International analysts are already saying that China may be pulling back in its strategy to get a foothold in key resource areas and perhaps the Canadian energy sector was too optimistic.  Perhaps.

If the analysts are correct,  that means that some of the grand plans to export natural gas, at least to China, may still go ahead, but won’t immediately  turn British Columbia back into the fabled Golden  Mountain that brought the labourers from China more than a century ago to build the railways. Nor does this mean a major threat, at this point, to plans to export gas through Kitimat as there are plenty of buyers in Japan, Taiwan, South Korea and Malaysia looking at northeast BC shale gas.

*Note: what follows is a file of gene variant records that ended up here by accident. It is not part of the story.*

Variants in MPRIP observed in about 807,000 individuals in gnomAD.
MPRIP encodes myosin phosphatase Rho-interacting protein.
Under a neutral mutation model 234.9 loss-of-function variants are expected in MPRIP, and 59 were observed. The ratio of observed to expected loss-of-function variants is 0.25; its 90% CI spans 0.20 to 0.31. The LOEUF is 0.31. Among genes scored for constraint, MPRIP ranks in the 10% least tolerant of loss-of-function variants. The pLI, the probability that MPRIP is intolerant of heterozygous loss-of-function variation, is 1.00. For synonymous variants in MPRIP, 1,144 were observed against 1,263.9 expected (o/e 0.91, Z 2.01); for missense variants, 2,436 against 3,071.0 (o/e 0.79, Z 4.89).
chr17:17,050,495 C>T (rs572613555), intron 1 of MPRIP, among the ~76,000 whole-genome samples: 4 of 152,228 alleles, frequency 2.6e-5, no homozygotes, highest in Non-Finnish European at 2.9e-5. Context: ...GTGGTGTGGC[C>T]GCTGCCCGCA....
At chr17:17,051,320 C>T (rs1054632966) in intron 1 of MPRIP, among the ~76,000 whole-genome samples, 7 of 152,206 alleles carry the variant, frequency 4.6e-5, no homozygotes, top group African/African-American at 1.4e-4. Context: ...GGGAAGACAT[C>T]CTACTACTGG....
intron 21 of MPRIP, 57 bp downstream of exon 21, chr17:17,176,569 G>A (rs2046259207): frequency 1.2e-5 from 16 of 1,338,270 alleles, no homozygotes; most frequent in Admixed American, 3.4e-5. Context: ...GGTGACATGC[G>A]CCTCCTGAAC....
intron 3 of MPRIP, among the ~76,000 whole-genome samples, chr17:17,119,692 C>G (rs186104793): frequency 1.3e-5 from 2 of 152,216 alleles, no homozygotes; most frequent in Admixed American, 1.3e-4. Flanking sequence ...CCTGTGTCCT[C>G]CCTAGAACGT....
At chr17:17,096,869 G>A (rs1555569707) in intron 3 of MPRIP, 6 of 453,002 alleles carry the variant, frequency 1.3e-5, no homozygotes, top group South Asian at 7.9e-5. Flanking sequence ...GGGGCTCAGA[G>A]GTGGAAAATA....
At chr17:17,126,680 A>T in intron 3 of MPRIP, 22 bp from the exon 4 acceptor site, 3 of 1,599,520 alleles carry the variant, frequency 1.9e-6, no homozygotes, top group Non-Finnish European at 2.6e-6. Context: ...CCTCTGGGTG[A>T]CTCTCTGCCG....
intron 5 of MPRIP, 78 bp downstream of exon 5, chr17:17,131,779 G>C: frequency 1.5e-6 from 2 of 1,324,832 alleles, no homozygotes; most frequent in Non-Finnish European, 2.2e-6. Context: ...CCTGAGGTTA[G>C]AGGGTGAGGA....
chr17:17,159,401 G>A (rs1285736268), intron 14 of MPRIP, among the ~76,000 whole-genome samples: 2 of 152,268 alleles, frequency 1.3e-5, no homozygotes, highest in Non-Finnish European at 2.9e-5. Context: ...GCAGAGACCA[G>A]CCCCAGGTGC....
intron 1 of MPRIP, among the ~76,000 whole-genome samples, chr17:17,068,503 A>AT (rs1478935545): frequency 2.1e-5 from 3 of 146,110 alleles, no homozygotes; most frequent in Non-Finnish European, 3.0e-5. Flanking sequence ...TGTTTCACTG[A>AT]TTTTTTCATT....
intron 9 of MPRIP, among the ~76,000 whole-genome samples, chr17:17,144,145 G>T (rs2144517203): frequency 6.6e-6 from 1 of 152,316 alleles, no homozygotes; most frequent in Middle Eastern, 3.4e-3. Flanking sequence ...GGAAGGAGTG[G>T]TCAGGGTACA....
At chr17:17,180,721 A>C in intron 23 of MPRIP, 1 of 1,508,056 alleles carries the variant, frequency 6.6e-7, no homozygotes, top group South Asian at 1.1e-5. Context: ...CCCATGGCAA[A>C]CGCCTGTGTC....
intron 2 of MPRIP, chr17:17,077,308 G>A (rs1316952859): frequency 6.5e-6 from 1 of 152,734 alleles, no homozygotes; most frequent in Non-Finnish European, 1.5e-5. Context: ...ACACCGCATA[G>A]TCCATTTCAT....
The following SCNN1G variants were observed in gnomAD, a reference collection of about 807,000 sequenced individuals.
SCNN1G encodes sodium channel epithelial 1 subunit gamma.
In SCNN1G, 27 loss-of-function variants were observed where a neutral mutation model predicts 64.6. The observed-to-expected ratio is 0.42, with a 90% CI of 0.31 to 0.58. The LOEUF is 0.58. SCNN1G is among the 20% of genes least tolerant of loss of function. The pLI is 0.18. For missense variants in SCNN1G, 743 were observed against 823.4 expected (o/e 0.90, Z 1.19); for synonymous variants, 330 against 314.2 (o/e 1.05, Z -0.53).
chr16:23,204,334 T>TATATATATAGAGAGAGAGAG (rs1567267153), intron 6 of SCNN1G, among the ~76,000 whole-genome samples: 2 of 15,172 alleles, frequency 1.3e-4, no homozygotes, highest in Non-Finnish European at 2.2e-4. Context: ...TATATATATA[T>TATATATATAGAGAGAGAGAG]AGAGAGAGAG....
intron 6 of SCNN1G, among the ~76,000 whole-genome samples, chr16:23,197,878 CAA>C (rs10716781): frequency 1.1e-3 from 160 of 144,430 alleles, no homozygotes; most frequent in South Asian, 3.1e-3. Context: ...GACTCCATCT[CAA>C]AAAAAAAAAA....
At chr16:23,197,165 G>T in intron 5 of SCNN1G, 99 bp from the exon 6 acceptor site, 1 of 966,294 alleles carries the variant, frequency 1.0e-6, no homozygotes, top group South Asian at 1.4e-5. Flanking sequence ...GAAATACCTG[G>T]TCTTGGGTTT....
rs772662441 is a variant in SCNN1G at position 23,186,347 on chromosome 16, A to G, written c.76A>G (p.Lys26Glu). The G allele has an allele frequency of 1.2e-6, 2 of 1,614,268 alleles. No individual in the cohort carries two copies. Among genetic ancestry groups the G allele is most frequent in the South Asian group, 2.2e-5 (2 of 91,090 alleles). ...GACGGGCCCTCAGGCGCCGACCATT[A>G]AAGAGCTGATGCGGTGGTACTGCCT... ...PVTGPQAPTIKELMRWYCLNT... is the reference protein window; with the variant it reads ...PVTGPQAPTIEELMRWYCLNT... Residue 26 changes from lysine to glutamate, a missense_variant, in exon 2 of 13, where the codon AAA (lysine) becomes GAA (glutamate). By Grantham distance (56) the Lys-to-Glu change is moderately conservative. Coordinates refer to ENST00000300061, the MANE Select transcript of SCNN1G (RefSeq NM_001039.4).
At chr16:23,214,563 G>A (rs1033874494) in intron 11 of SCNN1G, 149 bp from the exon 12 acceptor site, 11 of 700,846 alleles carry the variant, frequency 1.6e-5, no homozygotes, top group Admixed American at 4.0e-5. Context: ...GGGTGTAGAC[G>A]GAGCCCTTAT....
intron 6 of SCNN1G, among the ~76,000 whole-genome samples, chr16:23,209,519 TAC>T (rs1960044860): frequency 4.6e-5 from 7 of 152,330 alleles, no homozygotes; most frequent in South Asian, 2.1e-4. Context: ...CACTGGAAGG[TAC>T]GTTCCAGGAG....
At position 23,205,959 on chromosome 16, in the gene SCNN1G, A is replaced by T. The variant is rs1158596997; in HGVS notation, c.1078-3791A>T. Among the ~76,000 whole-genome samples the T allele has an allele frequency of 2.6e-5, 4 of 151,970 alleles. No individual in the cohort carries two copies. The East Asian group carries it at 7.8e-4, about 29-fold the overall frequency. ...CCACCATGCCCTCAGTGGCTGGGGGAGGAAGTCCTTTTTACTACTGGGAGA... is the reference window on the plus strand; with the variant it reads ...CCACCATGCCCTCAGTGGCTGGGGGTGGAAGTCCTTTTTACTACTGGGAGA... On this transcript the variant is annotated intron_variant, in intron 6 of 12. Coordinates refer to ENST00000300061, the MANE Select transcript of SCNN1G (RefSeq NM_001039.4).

The Wall Street Journal Heard on the Street blog says

E&P executives across North America should also be nervous. While some speculate Canadian-resource nationalism has spread from potash to energy, there is little evidence of this, given other similar deals haven’t been blocked. The alternative explanation is that foreign buyers of North American gas assets may actually care about such quaint notions as return on investment.

That isn’t good news for an E&P sector that consistently lives beyond its means.

London’s Financial Times says

Although China has gained a reputation for buying up resources around the world at any cost, a string of recent failed deals suggests the country’s resources companies are starting to drive harder bargains and are becoming more selective. In April, China’s Minmetals withdrew a $6.5bn offer for Equinox, an Australian-Canadian copper miner, rather than raise its bid after a higher offer emerged from Barrick Gold.